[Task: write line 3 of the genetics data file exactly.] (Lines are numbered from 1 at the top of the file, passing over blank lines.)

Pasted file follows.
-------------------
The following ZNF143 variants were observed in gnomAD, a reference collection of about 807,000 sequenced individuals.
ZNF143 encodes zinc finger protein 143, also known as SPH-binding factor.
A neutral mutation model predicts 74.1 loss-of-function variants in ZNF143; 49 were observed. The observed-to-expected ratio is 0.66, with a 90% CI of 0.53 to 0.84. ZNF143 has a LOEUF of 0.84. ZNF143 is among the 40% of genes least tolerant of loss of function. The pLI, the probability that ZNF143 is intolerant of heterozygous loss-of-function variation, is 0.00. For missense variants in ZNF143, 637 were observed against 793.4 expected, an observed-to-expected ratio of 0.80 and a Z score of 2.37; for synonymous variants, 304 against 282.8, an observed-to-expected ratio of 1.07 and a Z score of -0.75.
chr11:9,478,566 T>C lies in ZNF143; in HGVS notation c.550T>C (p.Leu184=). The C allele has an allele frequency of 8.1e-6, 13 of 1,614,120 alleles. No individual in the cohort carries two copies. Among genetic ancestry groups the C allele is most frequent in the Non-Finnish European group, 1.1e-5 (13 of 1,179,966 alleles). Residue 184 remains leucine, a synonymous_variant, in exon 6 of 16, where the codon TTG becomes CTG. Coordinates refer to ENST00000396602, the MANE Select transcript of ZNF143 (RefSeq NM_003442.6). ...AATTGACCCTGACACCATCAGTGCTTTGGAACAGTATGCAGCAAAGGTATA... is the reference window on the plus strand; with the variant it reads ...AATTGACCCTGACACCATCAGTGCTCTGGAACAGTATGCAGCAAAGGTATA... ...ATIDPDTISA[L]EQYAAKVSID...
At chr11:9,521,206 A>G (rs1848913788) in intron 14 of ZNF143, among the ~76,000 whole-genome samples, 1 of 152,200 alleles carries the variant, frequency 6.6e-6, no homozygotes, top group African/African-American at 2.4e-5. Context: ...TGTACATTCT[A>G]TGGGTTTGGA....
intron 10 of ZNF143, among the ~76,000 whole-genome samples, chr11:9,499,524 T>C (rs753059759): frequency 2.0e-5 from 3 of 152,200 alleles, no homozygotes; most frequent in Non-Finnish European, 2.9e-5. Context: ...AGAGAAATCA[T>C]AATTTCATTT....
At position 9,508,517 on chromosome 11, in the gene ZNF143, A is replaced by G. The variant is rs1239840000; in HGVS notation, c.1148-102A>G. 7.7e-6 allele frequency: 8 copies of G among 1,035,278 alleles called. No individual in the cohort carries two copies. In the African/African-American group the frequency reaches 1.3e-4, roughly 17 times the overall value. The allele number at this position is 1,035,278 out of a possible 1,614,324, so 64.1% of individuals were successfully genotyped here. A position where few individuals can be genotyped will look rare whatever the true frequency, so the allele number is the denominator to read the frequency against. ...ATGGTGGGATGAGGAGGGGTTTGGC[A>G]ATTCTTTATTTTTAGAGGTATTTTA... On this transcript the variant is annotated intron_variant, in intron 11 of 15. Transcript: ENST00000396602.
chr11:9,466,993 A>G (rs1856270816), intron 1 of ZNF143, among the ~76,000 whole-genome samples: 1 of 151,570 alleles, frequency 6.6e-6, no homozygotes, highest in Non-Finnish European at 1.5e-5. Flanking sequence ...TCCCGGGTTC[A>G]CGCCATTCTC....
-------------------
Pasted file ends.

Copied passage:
A neutral mutation model predicts 74.1 loss-of-function variants in ZNF143; 49 were observed. The observed-to-expected ratio is 0.66, with a 90% CI of 0.53 to 0.84. ZNF143 has a LOEUF of 0.84. ZNF143 is among the 40% of genes least tolerant of loss of function. The pLI, the probability that ZNF143 is intolerant of heterozygous loss-of-function variation, is 0.00. For missense variants in ZNF143, 637 were observed against 793.4 expected, an observed-to-expected ratio of 0.80 and a Z score of 2.37; for synonymous variants, 304 against 282.8, an observed-to-expected ratio of 1.07 and a Z score of -0.75.